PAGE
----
HOUSTON — For many fans, sports is supposed to be an escape from the trials and tribulations of everyday life. When athletes try to push social awareness through various protests, they're often met with the familiar restraint, "just stick to sports."
"We're in a very, very tough time where sports and politics are becoming a conjoined thing," Rockets forward Ryan Anderson said at media day in September.
The truth is National Anthem protests in the NFL are different from other protests, but they're just part of the role athletes have played in social change for many years.
For example, in Houston, Muhammad Ali was arrested in 1967 for refusing the draft for the Vietnam War.
Houston boxing icon Reverend Ray Martin sparred with Ali, and Martin said the heavyweight champ paved the way for athletes to take a stand today.
"I can see Ali doing it," Martin said. "An average person just didn't have those type of convictions. He had much more at stake. Not only was he an outstanding fighter, but an outstanding person."
In 1973, Billie Jean King made a landmark statement for women's tennis, defeating Bobby Riggs in the "Battle of the Sexes," which took place at the Astrodome.
"Bobby Riggs was too old to beat Billie Jean King anyway, but it did spotlight women's tennis. It showed women could play," said legendary Houston tennis coach John Wilkerson, who was in the stands at the Astrodome to see the match.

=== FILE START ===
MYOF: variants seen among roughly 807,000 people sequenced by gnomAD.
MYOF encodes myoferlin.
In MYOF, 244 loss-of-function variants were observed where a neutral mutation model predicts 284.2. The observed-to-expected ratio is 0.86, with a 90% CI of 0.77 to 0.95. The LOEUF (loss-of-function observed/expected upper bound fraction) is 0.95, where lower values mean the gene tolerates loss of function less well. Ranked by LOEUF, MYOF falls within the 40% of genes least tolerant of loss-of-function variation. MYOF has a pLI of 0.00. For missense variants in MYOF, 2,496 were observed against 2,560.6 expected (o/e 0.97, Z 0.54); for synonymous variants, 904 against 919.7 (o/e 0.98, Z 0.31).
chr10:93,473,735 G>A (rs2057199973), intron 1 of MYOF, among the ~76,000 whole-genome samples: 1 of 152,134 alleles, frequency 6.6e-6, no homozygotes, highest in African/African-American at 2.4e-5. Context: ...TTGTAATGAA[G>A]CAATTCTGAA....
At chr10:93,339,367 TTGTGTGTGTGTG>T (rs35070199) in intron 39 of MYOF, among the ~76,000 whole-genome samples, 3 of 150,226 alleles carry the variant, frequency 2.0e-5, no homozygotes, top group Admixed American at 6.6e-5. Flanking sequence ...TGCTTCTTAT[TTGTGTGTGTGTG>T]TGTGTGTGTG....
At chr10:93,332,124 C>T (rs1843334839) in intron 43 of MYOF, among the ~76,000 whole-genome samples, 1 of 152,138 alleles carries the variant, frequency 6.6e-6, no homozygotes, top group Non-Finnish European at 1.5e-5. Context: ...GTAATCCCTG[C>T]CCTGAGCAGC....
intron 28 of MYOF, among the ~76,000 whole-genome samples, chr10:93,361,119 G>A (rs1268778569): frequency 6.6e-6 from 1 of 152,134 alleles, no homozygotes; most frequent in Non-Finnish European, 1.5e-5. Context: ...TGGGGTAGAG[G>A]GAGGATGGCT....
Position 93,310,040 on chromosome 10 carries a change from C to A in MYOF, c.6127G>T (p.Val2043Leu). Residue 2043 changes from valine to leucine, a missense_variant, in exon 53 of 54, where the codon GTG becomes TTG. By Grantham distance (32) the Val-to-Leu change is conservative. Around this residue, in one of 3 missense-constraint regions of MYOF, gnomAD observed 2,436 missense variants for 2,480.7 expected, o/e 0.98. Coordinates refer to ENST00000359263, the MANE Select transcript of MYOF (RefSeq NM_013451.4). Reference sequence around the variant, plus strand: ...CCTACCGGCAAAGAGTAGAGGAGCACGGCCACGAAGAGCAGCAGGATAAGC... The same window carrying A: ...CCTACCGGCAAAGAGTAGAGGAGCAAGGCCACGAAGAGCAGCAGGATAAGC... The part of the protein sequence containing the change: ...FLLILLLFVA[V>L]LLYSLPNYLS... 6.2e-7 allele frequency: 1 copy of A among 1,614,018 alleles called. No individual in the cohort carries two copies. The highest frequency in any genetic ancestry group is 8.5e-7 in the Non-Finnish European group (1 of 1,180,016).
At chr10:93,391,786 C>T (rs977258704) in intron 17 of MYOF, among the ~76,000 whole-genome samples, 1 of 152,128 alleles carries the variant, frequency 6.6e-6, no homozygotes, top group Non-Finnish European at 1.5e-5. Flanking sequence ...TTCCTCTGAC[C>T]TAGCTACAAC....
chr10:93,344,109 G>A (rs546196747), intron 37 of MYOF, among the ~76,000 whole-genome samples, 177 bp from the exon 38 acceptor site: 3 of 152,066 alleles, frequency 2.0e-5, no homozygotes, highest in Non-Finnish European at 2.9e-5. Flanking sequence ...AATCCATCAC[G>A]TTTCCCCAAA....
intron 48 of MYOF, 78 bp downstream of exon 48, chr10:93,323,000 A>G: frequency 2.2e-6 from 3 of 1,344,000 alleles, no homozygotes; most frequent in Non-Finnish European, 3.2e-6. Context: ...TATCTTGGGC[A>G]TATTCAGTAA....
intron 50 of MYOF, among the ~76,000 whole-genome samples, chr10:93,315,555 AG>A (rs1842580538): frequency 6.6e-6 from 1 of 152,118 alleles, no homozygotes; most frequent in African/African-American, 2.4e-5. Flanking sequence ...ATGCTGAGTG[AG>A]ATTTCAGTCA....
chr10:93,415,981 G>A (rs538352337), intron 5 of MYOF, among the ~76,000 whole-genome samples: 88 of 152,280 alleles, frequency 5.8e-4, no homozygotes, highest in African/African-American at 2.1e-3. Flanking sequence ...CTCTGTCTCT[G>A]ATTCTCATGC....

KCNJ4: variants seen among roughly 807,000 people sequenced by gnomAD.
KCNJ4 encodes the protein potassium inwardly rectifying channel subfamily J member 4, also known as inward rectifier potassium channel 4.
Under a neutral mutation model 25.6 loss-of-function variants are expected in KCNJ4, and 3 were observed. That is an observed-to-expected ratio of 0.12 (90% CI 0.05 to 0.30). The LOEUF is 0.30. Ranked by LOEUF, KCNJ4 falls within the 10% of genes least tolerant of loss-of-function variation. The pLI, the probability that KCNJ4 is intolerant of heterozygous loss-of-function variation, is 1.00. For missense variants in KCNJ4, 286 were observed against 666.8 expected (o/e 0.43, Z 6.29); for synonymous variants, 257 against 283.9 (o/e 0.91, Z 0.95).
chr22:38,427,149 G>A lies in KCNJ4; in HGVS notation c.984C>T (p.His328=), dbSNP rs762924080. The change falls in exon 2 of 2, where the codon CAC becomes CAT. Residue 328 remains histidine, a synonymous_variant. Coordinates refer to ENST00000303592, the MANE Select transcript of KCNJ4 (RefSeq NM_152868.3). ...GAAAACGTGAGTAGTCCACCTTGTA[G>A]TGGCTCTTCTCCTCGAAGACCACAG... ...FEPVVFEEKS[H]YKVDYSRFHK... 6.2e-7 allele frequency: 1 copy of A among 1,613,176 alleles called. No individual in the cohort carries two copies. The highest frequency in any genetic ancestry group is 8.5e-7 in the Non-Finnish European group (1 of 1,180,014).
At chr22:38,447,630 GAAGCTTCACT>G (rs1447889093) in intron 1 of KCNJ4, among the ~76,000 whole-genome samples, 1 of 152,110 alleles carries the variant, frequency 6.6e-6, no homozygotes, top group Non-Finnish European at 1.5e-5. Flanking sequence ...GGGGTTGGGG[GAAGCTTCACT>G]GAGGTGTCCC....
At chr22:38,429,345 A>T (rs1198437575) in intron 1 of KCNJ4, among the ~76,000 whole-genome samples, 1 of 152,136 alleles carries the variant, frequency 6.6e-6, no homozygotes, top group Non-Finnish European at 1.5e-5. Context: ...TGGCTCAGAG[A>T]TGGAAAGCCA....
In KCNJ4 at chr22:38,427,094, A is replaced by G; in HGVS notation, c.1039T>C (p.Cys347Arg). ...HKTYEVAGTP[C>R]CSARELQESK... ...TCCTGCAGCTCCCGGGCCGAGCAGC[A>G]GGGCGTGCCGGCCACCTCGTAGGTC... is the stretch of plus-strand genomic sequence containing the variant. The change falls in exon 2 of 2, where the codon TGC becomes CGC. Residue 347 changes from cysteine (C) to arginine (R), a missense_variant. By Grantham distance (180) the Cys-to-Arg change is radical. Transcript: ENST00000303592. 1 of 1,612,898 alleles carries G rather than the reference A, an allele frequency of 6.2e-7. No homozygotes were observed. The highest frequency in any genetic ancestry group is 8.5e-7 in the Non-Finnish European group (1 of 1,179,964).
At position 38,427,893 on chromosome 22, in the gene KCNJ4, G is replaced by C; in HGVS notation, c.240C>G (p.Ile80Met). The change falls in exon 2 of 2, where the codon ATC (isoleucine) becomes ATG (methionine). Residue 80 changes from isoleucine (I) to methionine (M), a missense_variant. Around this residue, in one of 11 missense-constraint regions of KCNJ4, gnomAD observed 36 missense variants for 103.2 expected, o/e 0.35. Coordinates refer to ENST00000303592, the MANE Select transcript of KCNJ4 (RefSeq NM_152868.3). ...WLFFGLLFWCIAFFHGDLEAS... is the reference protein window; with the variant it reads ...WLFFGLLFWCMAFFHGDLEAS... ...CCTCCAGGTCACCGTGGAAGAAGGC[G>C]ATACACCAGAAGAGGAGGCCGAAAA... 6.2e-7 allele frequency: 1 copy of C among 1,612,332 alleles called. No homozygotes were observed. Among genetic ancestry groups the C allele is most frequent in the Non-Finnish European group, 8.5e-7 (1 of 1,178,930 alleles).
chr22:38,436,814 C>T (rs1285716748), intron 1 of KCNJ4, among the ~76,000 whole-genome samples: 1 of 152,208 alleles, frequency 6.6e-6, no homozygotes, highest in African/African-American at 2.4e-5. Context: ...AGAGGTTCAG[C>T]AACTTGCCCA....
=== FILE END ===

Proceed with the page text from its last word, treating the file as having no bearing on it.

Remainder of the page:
Wilkerson used to coach Zina Garrison, who took a stand in her own right back in 2009. Garrison, the former Olympic champion, sued the U.S. Tennis Association, pushing for fairer treatment of minorities.
"At the time I was Federations Cup captain and basically it was almost like 'be quiet and do your job,' I wasn't going to do that," Garrison said. "I wanted the next generation, like a Sloane Stephens or people like that, not to have to go through the same thing or be treated the same way."
Garrison now runs the Zina Garrison Academy at MacGregor Park. She also pointed out Houston was the birthplace of the Women's Tennis Association, deriving from the the Virginia Slims tournament at the Houston Racquet Club.